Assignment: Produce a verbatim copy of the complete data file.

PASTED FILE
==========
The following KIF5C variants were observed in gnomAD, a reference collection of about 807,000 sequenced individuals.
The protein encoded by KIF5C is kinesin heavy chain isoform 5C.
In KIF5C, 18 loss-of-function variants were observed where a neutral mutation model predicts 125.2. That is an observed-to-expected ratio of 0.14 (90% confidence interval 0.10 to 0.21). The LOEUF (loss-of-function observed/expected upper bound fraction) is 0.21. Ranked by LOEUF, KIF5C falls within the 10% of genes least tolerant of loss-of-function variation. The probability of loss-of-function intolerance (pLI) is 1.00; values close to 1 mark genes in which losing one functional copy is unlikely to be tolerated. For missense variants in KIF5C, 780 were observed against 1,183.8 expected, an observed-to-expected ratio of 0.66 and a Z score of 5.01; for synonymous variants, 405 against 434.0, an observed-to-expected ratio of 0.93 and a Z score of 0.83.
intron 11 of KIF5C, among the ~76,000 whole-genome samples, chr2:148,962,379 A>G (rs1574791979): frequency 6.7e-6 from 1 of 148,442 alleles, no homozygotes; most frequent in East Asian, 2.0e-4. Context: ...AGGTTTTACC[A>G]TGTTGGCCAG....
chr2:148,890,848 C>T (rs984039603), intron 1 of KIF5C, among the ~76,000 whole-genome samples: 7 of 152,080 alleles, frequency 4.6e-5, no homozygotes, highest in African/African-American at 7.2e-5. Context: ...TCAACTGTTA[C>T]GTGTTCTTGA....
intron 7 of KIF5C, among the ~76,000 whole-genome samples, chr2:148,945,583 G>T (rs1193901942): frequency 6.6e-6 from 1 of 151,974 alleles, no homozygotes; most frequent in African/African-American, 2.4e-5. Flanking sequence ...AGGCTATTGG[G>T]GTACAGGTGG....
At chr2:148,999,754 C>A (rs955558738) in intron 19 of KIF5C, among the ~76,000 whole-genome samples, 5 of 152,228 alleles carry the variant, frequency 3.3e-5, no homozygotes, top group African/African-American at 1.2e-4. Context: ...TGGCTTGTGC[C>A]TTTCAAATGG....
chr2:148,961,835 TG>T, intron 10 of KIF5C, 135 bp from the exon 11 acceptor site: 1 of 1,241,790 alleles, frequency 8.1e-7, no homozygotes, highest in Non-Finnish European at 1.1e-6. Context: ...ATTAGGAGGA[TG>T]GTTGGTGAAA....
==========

The following KIF5C variants were observed in gnomAD, a reference collection of about 807,000 sequenced individuals.
The protein encoded by KIF5C is kinesin heavy chain isoform 5C.
In KIF5C, 18 loss-of-function variants were observed where a neutral mutation model predicts 125.2. That is an observed-to-expected ratio of 0.14 (90% confidence interval 0.10 to 0.21). The LOEUF (loss-of-function observed/expected upper bound fraction) is 0.21. Ranked by LOEUF, KIF5C falls within the 10% of genes least tolerant of loss-of-function variation. The probability of loss-of-function intolerance (pLI) is 1.00; values close to 1 mark genes in which losing one functional copy is unlikely to be tolerated. For missense variants in KIF5C, 780 were observed against 1,183.8 expected, an observed-to-expected ratio of 0.66 and a Z score of 5.01; for synonymous variants, 405 against 434.0, an observed-to-expected ratio of 0.93 and a Z score of 0.83.
intron 11 of KIF5C, among the ~76,000 whole-genome samples, chr2:148,962,379 A>G (rs1574791979): frequency 6.7e-6 from 1 of 148,442 alleles, no homozygotes; most frequent in East Asian, 2.0e-4. Context: ...AGGTTTTACC[A>G]TGTTGGCCAG....
chr2:148,890,848 C>T (rs984039603), intron 1 of KIF5C, among the ~76,000 whole-genome samples: 7 of 152,080 alleles, frequency 4.6e-5, no homozygotes, highest in African/African-American at 7.2e-5. Context: ...TCAACTGTTA[C>T]GTGTTCTTGA....
intron 7 of KIF5C, among the ~76,000 whole-genome samples, chr2:148,945,583 G>T (rs1193901942): frequency 6.6e-6 from 1 of 151,974 alleles, no homozygotes; most frequent in African/African-American, 2.4e-5. Flanking sequence ...AGGCTATTGG[G>T]GTACAGGTGG....
At chr2:148,999,754 C>A (rs955558738) in intron 19 of KIF5C, among the ~76,000 whole-genome samples, 5 of 152,228 alleles carry the variant, frequency 3.3e-5, no homozygotes, top group African/African-American at 1.2e-4. Context: ...TGGCTTGTGC[C>A]TTTCAAATGG....
chr2:148,961,835 TG>T, intron 10 of KIF5C, 135 bp from the exon 11 acceptor site: 1 of 1,241,790 alleles, frequency 8.1e-7, no homozygotes, highest in Non-Finnish European at 1.1e-6. Context: ...ATTAGGAGGA[TG>T]GTTGGTGAAA....